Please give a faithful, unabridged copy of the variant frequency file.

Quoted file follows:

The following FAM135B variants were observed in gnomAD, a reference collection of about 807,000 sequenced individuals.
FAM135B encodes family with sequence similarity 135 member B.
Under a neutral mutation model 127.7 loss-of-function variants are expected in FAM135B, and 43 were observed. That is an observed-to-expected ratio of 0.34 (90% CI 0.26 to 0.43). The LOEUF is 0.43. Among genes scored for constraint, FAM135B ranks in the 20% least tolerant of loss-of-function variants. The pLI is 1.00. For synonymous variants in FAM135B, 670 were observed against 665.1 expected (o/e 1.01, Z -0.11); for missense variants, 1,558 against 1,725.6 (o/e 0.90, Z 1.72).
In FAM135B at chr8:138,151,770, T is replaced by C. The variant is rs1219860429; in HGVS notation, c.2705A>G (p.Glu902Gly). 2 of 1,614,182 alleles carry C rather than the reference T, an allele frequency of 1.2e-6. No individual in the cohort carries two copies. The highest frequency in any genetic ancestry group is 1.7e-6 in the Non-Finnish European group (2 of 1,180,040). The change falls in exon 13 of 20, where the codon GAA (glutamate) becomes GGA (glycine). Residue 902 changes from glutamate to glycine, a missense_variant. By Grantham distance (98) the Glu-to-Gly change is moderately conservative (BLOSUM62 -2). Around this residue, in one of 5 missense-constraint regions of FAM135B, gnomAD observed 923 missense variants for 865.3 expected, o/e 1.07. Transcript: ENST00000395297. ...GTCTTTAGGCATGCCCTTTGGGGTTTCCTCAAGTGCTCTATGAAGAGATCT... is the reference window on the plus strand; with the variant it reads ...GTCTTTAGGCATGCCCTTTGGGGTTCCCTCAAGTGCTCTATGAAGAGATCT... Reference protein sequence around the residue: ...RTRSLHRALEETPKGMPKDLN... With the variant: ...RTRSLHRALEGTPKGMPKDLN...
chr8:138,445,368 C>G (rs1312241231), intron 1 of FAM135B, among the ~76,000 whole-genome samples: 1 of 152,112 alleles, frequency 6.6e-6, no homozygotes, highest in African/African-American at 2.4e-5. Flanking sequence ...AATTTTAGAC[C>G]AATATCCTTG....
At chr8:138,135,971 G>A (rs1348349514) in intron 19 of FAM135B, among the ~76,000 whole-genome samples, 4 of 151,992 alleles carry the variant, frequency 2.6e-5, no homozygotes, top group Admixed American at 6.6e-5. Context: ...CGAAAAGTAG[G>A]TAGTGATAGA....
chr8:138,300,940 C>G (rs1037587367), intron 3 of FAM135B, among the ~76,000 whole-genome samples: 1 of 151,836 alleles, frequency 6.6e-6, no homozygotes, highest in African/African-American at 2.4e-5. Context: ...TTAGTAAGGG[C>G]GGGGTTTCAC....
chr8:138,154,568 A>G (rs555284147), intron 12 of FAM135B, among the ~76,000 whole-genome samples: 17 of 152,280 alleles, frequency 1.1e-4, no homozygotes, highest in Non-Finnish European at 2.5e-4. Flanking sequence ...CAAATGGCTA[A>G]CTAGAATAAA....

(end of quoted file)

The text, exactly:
The following FAM135B variants were observed in gnomAD, a reference collection of about 807,000 sequenced individuals.
FAM135B encodes family with sequence similarity 135 member B.
Under a neutral mutation model 127.7 loss-of-function variants are expected in FAM135B, and 43 were observed. That is an observed-to-expected ratio of 0.34 (90% CI 0.26 to 0.43). The LOEUF is 0.43. Among genes scored for constraint, FAM135B ranks in the 20% least tolerant of loss-of-function variants. The pLI is 1.00. For synonymous variants in FAM135B, 670 were observed against 665.1 expected (o/e 1.01, Z -0.11); for missense variants, 1,558 against 1,725.6 (o/e 0.90, Z 1.72).
In FAM135B at chr8:138,151,770, T is replaced by C. The variant is rs1219860429; in HGVS notation, c.2705A>G (p.Glu902Gly). 2 of 1,614,182 alleles carry C rather than the reference T, an allele frequency of 1.2e-6. No individual in the cohort carries two copies. The highest frequency in any genetic ancestry group is 1.7e-6 in the Non-Finnish European group (2 of 1,180,040). The change falls in exon 13 of 20, where the codon GAA (glutamate) becomes GGA (glycine). Residue 902 changes from glutamate to glycine, a missense_variant. By Grantham distance (98) the Glu-to-Gly change is moderately conservative (BLOSUM62 -2). Around this residue, in one of 5 missense-constraint regions of FAM135B, gnomAD observed 923 missense variants for 865.3 expected, o/e 1.07. Transcript: ENST00000395297. ...GTCTTTAGGCATGCCCTTTGGGGTTTCCTCAAGTGCTCTATGAAGAGATCT... is the reference window on the plus strand; with the variant it reads ...GTCTTTAGGCATGCCCTTTGGGGTTCCCTCAAGTGCTCTATGAAGAGATCT... Reference protein sequence around the residue: ...RTRSLHRALEETPKGMPKDLN... With the variant: ...RTRSLHRALEGTPKGMPKDLN...
chr8:138,445,368 C>G (rs1312241231), intron 1 of FAM135B, among the ~76,000 whole-genome samples: 1 of 152,112 alleles, frequency 6.6e-6, no homozygotes, highest in African/African-American at 2.4e-5. Flanking sequence ...AATTTTAGAC[C>G]AATATCCTTG....
At chr8:138,135,971 G>A (rs1348349514) in intron 19 of FAM135B, among the ~76,000 whole-genome samples, 4 of 151,992 alleles carry the variant, frequency 2.6e-5, no homozygotes, top group Admixed American at 6.6e-5. Context: ...CGAAAAGTAG[G>A]TAGTGATAGA....
chr8:138,300,940 C>G (rs1037587367), intron 3 of FAM135B, among the ~76,000 whole-genome samples: 1 of 151,836 alleles, frequency 6.6e-6, no homozygotes, highest in African/African-American at 2.4e-5. Context: ...TTAGTAAGGG[C>G]GGGGTTTCAC....
chr8:138,154,568 A>G (rs555284147), intron 12 of FAM135B, among the ~76,000 whole-genome samples: 17 of 152,280 alleles, frequency 1.1e-4, no homozygotes, highest in Non-Finnish European at 2.5e-4. Flanking sequence ...CAAATGGCTA[A>G]CTAGAATAAA....